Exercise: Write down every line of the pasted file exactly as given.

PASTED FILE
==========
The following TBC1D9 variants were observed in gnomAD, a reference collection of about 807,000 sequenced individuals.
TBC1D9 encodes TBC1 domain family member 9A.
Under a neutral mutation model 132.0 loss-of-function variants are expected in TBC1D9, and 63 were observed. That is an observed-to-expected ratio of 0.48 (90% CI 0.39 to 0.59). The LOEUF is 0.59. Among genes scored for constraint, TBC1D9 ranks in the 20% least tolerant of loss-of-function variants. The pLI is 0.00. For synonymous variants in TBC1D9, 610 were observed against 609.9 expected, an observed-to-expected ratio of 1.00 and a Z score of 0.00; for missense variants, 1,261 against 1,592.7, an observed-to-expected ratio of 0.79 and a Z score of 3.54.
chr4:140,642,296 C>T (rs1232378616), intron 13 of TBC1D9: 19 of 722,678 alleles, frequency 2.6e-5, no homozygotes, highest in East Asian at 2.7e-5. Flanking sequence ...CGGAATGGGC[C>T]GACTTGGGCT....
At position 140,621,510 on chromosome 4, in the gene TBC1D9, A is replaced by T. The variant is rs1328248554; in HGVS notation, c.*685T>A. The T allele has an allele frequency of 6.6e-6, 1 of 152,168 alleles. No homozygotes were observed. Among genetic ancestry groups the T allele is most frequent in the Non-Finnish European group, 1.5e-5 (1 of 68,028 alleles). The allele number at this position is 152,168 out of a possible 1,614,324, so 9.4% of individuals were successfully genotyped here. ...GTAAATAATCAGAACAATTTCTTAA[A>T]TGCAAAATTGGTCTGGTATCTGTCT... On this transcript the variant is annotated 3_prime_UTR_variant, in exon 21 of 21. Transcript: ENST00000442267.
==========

The following TBC1D9 variants were observed in gnomAD, a reference collection of about 807,000 sequenced individuals.
TBC1D9 encodes TBC1 domain family member 9A.
Under a neutral mutation model 132.0 loss-of-function variants are expected in TBC1D9, and 63 were observed. That is an observed-to-expected ratio of 0.48 (90% CI 0.39 to 0.59). The LOEUF is 0.59. Among genes scored for constraint, TBC1D9 ranks in the 20% least tolerant of loss-of-function variants. The pLI is 0.00. For synonymous variants in TBC1D9, 610 were observed against 609.9 expected, an observed-to-expected ratio of 1.00 and a Z score of 0.00; for missense variants, 1,261 against 1,592.7, an observed-to-expected ratio of 0.79 and a Z score of 3.54.
chr4:140,642,296 C>T (rs1232378616), intron 13 of TBC1D9: 19 of 722,678 alleles, frequency 2.6e-5, no homozygotes, highest in East Asian at 2.7e-5. Flanking sequence ...CGGAATGGGC[C>T]GACTTGGGCT....
At position 140,621,510 on chromosome 4, in the gene TBC1D9, A is replaced by T. The variant is rs1328248554; in HGVS notation, c.*685T>A. The T allele has an allele frequency of 6.6e-6, 1 of 152,168 alleles. No homozygotes were observed. Among genetic ancestry groups the T allele is most frequent in the Non-Finnish European group, 1.5e-5 (1 of 68,028 alleles). The allele number at this position is 152,168 out of a possible 1,614,324, so 9.4% of individuals were successfully genotyped here. ...GTAAATAATCAGAACAATTTCTTAA[A>T]TGCAAAATTGGTCTGGTATCTGTCT... On this transcript the variant is annotated 3_prime_UTR_variant, in exon 21 of 21. Transcript: ENST00000442267.